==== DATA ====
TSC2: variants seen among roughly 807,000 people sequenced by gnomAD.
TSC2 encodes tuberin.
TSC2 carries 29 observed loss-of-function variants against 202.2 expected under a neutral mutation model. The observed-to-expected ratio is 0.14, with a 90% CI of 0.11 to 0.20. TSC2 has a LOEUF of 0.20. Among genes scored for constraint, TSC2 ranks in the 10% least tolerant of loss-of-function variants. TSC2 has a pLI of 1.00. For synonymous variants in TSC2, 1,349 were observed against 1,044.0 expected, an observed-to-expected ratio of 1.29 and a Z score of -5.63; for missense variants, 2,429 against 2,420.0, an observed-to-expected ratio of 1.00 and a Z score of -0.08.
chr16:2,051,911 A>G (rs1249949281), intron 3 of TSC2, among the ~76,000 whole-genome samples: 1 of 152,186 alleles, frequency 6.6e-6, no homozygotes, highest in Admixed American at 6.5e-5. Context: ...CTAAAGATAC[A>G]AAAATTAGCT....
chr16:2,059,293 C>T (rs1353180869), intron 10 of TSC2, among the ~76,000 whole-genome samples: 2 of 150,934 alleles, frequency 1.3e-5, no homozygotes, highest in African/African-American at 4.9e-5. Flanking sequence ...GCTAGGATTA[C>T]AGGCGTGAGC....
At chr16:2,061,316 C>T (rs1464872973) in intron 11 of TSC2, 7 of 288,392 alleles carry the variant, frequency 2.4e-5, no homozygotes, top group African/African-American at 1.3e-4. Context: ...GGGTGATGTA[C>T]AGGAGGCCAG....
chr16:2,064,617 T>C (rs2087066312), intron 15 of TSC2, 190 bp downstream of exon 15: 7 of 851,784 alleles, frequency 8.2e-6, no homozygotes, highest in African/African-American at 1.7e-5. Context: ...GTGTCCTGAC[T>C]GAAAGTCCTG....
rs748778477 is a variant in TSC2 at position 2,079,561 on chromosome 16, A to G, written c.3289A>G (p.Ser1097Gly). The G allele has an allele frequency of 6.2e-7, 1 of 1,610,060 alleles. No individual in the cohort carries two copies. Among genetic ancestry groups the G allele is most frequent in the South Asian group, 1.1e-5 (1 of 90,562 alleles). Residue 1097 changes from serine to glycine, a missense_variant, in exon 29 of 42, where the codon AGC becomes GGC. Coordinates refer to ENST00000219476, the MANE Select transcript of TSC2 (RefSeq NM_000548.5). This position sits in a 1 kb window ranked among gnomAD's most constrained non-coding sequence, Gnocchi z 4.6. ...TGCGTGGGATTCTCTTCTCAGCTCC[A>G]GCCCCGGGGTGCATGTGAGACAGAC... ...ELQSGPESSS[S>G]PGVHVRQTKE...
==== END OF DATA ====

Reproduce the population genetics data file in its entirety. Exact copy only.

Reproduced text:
TSC2: variants seen among roughly 807,000 people sequenced by gnomAD.
TSC2 encodes tuberin.
TSC2 carries 29 observed loss-of-function variants against 202.2 expected under a neutral mutation model. The observed-to-expected ratio is 0.14, with a 90% CI of 0.11 to 0.20. TSC2 has a LOEUF of 0.20. Among genes scored for constraint, TSC2 ranks in the 10% least tolerant of loss-of-function variants. TSC2 has a pLI of 1.00. For synonymous variants in TSC2, 1,349 were observed against 1,044.0 expected, an observed-to-expected ratio of 1.29 and a Z score of -5.63; for missense variants, 2,429 against 2,420.0, an observed-to-expected ratio of 1.00 and a Z score of -0.08.
chr16:2,051,911 A>G (rs1249949281), intron 3 of TSC2, among the ~76,000 whole-genome samples: 1 of 152,186 alleles, frequency 6.6e-6, no homozygotes, highest in Admixed American at 6.5e-5. Context: ...CTAAAGATAC[A>G]AAAATTAGCT....
chr16:2,059,293 C>T (rs1353180869), intron 10 of TSC2, among the ~76,000 whole-genome samples: 2 of 150,934 alleles, frequency 1.3e-5, no homozygotes, highest in African/African-American at 4.9e-5. Flanking sequence ...GCTAGGATTA[C>T]AGGCGTGAGC....
At chr16:2,061,316 C>T (rs1464872973) in intron 11 of TSC2, 7 of 288,392 alleles carry the variant, frequency 2.4e-5, no homozygotes, top group African/African-American at 1.3e-4. Context: ...GGGTGATGTA[C>T]AGGAGGCCAG....
chr16:2,064,617 T>C (rs2087066312), intron 15 of TSC2, 190 bp downstream of exon 15: 7 of 851,784 alleles, frequency 8.2e-6, no homozygotes, highest in African/African-American at 1.7e-5. Context: ...GTGTCCTGAC[T>C]GAAAGTCCTG....
rs748778477 is a variant in TSC2 at position 2,079,561 on chromosome 16, A to G, written c.3289A>G (p.Ser1097Gly). The G allele has an allele frequency of 6.2e-7, 1 of 1,610,060 alleles. No individual in the cohort carries two copies. Among genetic ancestry groups the G allele is most frequent in the South Asian group, 1.1e-5 (1 of 90,562 alleles). Residue 1097 changes from serine to glycine, a missense_variant, in exon 29 of 42, where the codon AGC becomes GGC. Coordinates refer to ENST00000219476, the MANE Select transcript of TSC2 (RefSeq NM_000548.5). This position sits in a 1 kb window ranked among gnomAD's most constrained non-coding sequence, Gnocchi z 4.6. ...TGCGTGGGATTCTCTTCTCAGCTCC[A>G]GCCCCGGGGTGCATGTGAGACAGAC... ...ELQSGPESSS[S>G]PGVHVRQTKE...